post #19 of 42
I think the problem with disciplining this way is that the child learns to do things on your terms and for your reasons, instead of on their terms for their reasons. Sure, time outs may work in the moment, but the child will learn to do things only because you said so and not because he's learned that its the right thing to do or because it makes HIM feel good for doing it. Time outs tend to work in the beginning and then their effect tapers off, because, among other things, the child learns that he can just not go to the time out spot. And the child doesn't learn that doing certain things, like cleaning up his blocks, can be a pleasurable experience for him, on his own terms. The thing about timeouts is that it makes the motivation to do things external instead of internal, which is not very helpful in the grand scheme of things.

I think what the previous posters have mentioned ARE ways to teach children how to do what is expected of them. Clearly, he knows how to physically put his toys away in the right spots after he's done playing with them. By not cleaning up, he's asserting his will. This shouldn't be punished or disciplined at this age. He does not NEED to do whatever you say, because he is a person in his own right. If you continue to model the behavior, help him clean up, give him a choice about it (clean up now or clean up later) then he will eventually do the cleaning of his own free will and it will make him feel good.
post #20 of 42
Quote:
Originally Posted by AustinMom View Post
Any advise on the topic I am looking for would be great, which is not, how do you teach a kid to do something, I got that, he got that, it's HOW DO YOU TEACH A KID WHEN HE IS CROSSING THE LINE. It's not okay, to not listen to me, and it's not okay for him to take things out and leave them out and not help pick them up when he is done. We all have a responsibility in this family.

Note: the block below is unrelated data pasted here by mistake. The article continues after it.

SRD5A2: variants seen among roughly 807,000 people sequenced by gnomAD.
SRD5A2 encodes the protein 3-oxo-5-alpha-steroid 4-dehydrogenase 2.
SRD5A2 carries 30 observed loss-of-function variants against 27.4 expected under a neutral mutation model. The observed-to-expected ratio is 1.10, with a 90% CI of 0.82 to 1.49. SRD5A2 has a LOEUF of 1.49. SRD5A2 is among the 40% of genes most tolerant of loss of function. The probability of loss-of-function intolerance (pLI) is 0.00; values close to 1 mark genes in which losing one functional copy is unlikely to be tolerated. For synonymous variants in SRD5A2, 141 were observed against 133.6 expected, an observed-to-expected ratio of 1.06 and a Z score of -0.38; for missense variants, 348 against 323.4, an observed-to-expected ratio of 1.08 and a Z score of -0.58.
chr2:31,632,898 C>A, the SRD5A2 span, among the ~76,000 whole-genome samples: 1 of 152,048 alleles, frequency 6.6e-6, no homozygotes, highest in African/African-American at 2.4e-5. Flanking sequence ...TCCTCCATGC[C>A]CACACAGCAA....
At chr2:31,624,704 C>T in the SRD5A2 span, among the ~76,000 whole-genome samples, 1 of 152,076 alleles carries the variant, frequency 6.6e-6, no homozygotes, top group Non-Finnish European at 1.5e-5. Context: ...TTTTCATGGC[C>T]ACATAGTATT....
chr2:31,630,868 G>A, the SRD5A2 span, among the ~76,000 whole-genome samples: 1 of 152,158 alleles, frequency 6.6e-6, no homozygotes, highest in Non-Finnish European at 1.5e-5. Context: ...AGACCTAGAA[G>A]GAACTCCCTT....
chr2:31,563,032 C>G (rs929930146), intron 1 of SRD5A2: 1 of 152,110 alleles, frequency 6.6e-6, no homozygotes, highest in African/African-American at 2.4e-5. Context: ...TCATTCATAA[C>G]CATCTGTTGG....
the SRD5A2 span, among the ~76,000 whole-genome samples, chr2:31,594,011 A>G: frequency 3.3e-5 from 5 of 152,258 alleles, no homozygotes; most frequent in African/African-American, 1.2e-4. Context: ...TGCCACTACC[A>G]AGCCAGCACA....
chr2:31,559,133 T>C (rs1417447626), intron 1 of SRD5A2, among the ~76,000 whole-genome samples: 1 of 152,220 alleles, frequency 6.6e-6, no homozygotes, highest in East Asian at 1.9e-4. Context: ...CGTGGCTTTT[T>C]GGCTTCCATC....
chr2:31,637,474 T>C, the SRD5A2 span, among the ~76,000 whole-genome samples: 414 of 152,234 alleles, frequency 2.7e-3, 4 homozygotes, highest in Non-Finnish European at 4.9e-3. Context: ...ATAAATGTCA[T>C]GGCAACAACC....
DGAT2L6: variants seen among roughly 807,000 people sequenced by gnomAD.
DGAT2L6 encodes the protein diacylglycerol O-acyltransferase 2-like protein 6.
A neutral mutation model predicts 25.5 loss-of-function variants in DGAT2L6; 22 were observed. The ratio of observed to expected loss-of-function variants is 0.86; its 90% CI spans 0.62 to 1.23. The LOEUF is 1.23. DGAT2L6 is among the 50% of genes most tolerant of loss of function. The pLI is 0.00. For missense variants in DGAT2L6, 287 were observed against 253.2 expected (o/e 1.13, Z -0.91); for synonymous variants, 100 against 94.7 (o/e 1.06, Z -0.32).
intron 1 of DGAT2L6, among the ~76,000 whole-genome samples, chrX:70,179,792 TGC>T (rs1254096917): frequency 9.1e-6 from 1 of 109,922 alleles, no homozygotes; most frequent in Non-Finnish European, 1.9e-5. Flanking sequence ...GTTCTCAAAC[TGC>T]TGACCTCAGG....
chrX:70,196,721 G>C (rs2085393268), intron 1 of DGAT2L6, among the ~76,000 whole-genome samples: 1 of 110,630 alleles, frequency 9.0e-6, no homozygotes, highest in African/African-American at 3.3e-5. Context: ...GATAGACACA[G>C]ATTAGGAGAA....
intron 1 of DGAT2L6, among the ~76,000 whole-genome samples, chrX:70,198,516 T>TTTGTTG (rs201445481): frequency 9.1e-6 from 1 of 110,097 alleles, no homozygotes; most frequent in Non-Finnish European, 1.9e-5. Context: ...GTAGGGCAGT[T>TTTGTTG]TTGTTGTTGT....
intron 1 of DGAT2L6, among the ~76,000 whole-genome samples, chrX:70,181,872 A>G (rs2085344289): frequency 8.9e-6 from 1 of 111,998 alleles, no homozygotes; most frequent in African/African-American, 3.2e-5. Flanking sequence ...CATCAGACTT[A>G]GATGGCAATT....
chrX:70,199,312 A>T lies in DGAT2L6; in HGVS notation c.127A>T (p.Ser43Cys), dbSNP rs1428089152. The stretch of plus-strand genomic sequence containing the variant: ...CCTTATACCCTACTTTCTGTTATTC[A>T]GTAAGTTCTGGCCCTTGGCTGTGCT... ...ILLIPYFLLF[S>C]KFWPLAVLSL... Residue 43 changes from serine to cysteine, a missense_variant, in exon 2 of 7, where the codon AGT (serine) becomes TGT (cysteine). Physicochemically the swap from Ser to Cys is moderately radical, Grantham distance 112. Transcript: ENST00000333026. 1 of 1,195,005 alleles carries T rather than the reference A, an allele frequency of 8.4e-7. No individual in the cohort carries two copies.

Subbing for ideas...

I agree with you that small people are family members too and so must learn to help out. I think the heart of AP and gentle discipline is to assign children respect and so, personally, I need to see a certain degree of willingness to cooperate and treat me with reciprocal respect.

I think the early responses were accurate, advising to MODEL appropriate behavior. My DD is crazy stubborn and must come to every little thing on her own terms...seeing as how she gets it from me, we've already butted heads a few times! When she was about 18mo, she started running away from me on the street, in the playground, stores, everywhere. I was at the end of my pregnancy and often physically couldn't run after her. This being a huge safety issue demanding immediate resolution, the only thing to do was pack her into stroller or carrier. No amount of yelling, reverse psychology, floor (or pavement) play would keep her from tearing off on her own. In the end, I had to wait it out as a phase and keep her buckled in when all her friends were walking around the neighborhood. Once I was again able to model pedestrian safety and orchestrate run run run stop games, she came around and learned to walk with me. But I still don't fully trust her to stay out of the street and stop at curbs, so she's never out of my reach and usually has to hold my hand.

Sorry for the tangent, but my point is that some things are out of our control with these little ones. If blocks aren't getting picked up and your demonstrating picking up blocks isn't working, then perhaps blocks go on a shelf until he asks for them again. Time out the blocks, not the child?

BTW, I loved historical fiction as a kid. As a mom I have this picture in my head of Laura Ingalls Wilder's little sister being taken to task for whining (like asking for something again after being denied)...a stern "No" stopped her in her tracks, had her hanging her head and the older girls sobered in the face of the toddler being taught to "mind". So what am I missing????!